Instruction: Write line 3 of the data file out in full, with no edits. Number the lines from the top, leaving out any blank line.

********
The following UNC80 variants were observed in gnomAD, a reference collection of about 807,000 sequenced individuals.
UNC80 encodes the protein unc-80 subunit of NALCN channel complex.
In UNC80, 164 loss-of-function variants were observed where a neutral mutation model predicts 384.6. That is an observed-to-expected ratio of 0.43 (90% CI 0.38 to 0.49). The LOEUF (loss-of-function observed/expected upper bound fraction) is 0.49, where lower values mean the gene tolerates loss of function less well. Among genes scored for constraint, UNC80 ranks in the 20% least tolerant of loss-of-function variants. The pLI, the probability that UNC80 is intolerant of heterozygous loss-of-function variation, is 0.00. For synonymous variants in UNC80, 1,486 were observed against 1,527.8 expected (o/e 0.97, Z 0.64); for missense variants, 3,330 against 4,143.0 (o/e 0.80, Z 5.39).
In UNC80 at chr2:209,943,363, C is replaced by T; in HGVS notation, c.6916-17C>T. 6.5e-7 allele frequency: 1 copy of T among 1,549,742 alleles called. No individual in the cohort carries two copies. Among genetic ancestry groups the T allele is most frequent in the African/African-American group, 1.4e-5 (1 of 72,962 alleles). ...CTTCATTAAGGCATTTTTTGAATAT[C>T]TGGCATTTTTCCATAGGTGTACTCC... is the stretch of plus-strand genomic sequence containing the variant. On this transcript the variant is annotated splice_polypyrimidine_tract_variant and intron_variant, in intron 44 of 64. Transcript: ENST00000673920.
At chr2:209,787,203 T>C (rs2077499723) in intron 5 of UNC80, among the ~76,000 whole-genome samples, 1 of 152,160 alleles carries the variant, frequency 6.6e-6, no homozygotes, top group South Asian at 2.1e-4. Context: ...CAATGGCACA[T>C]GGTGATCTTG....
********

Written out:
In UNC80, 164 loss-of-function variants were observed where a neutral mutation model predicts 384.6. That is an observed-to-expected ratio of 0.43 (90% CI 0.38 to 0.49). The LOEUF (loss-of-function observed/expected upper bound fraction) is 0.49, where lower values mean the gene tolerates loss of function less well. Among genes scored for constraint, UNC80 ranks in the 20% least tolerant of loss-of-function variants. The pLI, the probability that UNC80 is intolerant of heterozygous loss-of-function variation, is 0.00. For synonymous variants in UNC80, 1,486 were observed against 1,527.8 expected (o/e 0.97, Z 0.64); for missense variants, 3,330 against 4,143.0 (o/e 0.80, Z 5.39).